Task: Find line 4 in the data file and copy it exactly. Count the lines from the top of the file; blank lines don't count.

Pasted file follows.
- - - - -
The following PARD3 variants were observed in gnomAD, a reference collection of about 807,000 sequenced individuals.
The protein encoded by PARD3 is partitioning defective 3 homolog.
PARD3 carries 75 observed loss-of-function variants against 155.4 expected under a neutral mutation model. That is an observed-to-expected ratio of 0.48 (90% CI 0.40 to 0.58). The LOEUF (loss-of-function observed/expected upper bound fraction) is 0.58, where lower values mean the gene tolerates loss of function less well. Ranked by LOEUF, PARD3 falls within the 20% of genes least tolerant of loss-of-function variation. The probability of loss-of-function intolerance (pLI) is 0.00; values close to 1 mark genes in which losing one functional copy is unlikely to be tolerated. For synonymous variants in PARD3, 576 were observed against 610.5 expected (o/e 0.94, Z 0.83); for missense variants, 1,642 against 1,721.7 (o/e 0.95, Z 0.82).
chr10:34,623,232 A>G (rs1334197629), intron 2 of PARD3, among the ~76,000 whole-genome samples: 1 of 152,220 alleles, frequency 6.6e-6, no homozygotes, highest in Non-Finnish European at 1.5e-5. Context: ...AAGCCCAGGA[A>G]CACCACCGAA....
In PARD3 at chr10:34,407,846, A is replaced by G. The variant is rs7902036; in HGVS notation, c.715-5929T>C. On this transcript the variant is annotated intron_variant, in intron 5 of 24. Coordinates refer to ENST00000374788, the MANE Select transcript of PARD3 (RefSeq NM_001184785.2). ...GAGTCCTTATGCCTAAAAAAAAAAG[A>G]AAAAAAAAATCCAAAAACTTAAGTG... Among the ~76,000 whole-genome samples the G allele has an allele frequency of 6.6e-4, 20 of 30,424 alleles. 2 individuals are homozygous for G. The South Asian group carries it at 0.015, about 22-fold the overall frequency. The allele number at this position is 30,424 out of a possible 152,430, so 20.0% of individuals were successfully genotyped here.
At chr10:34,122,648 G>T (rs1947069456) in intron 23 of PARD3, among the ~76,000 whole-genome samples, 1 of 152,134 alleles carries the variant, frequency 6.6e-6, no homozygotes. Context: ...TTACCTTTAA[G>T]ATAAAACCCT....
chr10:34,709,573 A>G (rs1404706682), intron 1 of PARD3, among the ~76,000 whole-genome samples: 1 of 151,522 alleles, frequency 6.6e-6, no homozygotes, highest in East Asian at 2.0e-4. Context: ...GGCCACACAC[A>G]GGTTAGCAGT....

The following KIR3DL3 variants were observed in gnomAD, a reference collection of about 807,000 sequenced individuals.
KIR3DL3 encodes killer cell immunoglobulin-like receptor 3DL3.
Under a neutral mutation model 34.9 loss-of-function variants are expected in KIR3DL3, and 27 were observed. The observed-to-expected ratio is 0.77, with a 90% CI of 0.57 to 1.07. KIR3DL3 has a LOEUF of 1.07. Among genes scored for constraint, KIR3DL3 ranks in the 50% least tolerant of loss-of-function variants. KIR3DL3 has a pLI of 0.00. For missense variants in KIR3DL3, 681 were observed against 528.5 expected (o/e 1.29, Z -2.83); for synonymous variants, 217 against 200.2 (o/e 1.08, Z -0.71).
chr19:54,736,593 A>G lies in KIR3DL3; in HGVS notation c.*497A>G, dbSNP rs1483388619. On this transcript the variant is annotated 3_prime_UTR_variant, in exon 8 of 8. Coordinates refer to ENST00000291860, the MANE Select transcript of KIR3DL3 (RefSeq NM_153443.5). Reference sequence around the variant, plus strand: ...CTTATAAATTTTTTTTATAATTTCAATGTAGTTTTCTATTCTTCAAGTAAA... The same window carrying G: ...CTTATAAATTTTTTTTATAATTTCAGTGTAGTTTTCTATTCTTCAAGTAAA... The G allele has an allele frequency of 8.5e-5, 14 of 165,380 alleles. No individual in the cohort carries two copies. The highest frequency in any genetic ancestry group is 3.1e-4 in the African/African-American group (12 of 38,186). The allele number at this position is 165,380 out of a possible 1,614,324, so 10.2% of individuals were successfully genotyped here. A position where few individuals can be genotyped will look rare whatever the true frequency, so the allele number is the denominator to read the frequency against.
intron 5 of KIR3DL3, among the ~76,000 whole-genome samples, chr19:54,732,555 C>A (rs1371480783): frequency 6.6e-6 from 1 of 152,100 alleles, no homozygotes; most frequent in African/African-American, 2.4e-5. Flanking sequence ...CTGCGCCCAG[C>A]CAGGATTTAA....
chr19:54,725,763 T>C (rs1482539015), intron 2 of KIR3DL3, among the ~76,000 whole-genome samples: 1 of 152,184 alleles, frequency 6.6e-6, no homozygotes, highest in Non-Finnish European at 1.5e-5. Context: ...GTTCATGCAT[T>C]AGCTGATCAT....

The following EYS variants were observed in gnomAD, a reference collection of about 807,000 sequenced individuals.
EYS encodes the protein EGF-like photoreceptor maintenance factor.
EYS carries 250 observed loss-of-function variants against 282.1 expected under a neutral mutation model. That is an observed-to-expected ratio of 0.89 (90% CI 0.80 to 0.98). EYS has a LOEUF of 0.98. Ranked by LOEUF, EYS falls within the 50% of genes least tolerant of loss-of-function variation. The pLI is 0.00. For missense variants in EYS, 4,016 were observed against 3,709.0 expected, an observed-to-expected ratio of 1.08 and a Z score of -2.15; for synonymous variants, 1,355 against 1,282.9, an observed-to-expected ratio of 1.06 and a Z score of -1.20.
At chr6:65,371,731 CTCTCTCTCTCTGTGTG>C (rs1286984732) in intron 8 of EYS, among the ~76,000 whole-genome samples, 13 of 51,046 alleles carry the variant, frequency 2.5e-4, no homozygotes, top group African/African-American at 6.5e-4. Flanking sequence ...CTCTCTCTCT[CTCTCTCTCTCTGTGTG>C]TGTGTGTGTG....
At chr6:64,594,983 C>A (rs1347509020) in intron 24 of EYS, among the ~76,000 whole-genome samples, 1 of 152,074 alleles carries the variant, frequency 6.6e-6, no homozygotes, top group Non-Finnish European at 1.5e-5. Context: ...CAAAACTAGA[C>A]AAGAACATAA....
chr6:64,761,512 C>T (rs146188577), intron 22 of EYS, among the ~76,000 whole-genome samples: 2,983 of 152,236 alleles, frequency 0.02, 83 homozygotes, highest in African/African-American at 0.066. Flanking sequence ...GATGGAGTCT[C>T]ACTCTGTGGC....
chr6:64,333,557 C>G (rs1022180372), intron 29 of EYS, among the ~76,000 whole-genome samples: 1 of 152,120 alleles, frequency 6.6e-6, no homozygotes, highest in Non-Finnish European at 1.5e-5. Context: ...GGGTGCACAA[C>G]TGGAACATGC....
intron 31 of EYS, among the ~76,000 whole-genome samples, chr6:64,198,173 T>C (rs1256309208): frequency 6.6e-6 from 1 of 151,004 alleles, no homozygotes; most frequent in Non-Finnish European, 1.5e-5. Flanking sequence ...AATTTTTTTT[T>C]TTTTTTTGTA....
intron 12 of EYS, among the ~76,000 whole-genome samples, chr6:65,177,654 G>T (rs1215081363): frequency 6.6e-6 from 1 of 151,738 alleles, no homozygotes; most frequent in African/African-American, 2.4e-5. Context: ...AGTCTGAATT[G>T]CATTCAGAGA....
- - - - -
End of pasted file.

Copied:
chr10:34,623,232 A>G (rs1334197629), intron 2 of PARD3, among the ~76,000 whole-genome samples: 1 of 152,220 alleles, frequency 6.6e-6, no homozygotes, highest in Non-Finnish European at 1.5e-5. Context: ...AAGCCCAGGA[A>G]CACCACCGAA....